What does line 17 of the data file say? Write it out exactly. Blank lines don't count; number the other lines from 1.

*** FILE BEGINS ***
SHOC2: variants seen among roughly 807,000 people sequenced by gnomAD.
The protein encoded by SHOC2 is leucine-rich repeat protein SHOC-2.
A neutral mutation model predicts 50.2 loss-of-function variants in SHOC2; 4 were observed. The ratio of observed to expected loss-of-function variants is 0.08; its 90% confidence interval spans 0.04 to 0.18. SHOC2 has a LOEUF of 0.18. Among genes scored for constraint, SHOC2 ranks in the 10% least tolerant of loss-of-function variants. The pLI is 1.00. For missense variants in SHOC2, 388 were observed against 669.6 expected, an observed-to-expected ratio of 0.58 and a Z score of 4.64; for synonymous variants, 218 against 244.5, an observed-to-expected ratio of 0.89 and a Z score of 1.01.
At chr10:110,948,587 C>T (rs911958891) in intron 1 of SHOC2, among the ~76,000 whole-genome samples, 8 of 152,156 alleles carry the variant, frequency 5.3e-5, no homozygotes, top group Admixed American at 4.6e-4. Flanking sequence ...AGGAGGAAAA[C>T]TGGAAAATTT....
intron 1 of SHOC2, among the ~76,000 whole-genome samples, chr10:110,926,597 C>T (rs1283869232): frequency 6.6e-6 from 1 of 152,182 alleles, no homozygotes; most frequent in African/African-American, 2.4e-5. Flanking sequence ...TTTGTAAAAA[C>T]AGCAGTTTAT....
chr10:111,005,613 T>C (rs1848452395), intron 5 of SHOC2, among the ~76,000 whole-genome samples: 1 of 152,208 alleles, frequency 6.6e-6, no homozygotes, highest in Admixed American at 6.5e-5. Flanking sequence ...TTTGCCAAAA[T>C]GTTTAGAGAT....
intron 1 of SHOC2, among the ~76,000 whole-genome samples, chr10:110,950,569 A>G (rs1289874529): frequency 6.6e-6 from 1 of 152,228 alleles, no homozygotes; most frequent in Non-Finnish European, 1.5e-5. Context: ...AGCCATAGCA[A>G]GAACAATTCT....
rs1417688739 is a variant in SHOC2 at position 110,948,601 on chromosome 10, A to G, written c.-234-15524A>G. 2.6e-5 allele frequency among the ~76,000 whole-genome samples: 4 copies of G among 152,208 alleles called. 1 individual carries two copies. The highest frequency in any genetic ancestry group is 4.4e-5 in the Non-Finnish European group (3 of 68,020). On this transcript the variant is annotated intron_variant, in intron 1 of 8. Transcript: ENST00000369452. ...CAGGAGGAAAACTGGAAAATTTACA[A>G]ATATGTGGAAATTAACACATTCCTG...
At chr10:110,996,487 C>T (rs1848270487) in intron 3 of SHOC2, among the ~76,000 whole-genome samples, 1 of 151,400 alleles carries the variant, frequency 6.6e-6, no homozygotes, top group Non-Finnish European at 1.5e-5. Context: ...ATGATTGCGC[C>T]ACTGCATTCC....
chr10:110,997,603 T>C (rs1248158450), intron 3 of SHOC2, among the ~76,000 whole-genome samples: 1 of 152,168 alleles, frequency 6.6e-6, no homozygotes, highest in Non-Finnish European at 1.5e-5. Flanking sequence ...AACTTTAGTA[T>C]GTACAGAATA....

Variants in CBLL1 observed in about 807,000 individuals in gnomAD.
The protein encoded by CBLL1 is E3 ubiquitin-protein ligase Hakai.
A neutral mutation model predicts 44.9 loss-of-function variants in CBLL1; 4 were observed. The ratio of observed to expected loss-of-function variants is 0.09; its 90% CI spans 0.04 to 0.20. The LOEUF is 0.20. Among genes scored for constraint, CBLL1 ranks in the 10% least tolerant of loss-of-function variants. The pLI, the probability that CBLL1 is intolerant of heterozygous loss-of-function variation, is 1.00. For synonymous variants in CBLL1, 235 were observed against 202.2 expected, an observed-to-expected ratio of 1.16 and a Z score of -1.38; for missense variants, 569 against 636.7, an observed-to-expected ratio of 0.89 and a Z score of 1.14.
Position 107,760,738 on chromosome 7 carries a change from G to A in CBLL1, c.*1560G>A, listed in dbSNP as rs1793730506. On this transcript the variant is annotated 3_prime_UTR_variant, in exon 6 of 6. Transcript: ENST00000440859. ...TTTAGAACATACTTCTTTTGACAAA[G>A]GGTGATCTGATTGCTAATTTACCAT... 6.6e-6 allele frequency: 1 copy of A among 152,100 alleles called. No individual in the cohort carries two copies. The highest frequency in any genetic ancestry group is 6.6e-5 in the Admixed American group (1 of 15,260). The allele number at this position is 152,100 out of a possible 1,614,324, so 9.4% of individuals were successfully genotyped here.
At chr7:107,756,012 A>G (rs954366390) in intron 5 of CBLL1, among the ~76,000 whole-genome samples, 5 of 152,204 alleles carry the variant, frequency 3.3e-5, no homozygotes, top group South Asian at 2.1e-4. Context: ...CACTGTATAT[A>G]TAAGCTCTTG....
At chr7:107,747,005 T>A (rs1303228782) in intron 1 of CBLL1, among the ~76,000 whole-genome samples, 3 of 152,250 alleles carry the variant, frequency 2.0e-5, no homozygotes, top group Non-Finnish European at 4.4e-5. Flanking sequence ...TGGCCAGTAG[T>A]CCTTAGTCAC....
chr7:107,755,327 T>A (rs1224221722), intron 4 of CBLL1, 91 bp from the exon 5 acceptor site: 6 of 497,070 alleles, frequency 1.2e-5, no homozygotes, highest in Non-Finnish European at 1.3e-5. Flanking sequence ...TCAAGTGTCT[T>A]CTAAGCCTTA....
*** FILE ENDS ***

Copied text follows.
chr7:107,755,327 T>A (rs1224221722), intron 4 of CBLL1, 91 bp from the exon 5 acceptor site: 6 of 497,070 alleles, frequency 1.2e-5, no homozygotes, highest in Non-Finnish European at 1.3e-5. Flanking sequence ...TCAAGTGTCT[T>A]CTAAGCCTTA....